Tuesday, December 2, 2008

User Experience for Strong Authentication

Eric Sachs & Ben Laurie, Google Security

One of the major conferences on Internet identity standards is the Internet Identity Workshop (IIW), a semiannual 'un-conference' where the sessions are not determined ahead of time. It is attended by a large set of people who work on Internet security and identity standards such as OAuth, OpenID, SAML, InfoCards, etc.  A major theme within the identity community this year has been about improving the user experience and growing the adoption of these technologies.  The OpenID community is making great progress on user experience, with Yahoo, AOL, and Google quickly improving the support they provide (read a summary from Joseph Smarr of Plaxo).  Similarly, the InfoCard community has been working on simplifying the user experience of InfoCard technology, including the updated CardSpace selector from Microsoft.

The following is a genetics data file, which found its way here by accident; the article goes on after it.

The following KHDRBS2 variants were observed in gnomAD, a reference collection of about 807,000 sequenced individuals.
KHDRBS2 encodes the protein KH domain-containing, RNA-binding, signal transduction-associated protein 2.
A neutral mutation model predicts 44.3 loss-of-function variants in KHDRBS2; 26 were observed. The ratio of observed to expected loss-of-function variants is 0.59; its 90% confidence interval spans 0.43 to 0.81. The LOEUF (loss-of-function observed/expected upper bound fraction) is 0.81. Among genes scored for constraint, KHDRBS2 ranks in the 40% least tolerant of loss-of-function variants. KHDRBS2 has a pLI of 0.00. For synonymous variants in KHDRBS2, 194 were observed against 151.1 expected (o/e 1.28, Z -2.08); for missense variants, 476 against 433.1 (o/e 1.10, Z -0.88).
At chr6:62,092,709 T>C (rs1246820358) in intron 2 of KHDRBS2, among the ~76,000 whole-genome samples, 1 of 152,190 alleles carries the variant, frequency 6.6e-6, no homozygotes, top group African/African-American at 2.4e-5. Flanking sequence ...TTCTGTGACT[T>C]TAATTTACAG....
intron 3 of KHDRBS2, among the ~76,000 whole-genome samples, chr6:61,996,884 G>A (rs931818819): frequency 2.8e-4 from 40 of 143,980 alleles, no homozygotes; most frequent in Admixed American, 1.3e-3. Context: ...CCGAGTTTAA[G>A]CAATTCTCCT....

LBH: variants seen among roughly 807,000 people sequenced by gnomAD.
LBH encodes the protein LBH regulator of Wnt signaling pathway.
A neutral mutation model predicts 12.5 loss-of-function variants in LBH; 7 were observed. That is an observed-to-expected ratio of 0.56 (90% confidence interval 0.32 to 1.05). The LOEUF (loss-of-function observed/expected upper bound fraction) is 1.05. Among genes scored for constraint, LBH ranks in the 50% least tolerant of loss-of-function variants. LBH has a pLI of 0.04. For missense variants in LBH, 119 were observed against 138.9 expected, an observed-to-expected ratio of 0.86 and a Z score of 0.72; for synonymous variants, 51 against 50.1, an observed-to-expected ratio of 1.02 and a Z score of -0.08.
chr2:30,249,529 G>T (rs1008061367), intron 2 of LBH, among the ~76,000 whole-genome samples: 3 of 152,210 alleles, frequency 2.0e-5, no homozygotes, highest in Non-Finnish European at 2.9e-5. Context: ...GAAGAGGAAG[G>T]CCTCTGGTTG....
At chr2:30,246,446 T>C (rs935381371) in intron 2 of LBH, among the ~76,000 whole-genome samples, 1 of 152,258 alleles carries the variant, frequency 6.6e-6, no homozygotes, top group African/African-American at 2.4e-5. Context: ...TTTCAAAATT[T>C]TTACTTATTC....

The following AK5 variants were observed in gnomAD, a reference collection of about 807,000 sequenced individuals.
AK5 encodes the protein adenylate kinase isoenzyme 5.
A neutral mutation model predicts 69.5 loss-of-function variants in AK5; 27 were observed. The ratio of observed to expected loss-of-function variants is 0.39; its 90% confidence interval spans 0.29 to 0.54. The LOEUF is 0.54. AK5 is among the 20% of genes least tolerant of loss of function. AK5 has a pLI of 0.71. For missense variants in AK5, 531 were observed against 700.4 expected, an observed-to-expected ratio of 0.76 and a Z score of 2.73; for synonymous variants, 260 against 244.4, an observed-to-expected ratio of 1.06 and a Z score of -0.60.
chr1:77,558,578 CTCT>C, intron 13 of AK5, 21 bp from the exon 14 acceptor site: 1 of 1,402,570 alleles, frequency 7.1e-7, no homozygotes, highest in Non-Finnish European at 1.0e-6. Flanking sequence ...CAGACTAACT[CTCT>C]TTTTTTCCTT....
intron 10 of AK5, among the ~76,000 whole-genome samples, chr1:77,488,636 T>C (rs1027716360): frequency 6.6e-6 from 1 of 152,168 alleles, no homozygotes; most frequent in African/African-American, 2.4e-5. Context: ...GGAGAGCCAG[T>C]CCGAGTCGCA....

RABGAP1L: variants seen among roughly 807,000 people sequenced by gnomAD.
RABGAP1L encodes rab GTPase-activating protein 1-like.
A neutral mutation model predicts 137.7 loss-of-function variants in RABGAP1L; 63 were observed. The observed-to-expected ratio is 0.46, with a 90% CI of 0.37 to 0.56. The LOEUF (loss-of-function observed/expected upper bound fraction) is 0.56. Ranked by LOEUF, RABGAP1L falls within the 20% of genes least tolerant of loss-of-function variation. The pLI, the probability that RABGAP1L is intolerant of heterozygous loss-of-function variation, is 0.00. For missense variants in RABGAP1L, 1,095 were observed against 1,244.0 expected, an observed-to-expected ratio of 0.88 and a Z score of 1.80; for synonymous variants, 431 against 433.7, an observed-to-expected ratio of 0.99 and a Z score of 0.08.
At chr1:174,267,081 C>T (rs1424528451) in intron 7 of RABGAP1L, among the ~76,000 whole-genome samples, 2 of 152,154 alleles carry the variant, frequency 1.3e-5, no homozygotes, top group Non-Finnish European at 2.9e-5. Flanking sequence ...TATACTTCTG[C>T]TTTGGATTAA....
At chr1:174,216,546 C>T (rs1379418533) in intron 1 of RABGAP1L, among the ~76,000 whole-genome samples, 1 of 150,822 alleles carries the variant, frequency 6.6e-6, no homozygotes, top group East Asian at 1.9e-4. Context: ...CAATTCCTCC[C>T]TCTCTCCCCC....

Another hot topic at IIW centered around how to improve the user experience when testing alternatives and enhancements to passwords to make them less susceptible to phishing attacks.  Many websites and enterprises have tried these password enhancements/alternatives, but they found that people complained that they were hard to use, or that they weren't portable enough for people who use multiple computers, including web cafes and smart phones.  We have published an article summarizing some of the community's current ideas for how to deploy these new authentication mechanisms using a multi-layered approach that minimizes additional work required by users.  We have also pulled together a set of videos showing how a number of these different approaches work with both web-based and desktop applications.  We hope this information will be helpful to other websites and enterprises who are concerned about phishing.

1 comment:

Michael Helm said...

"Note: To view the videos below in higher quality, click "watch in high quality" link that is at the bottom right under the video on the YouTube watch page"

Not sure that high quality changes anything - the videos as they appear now are too blurry to watch, sadly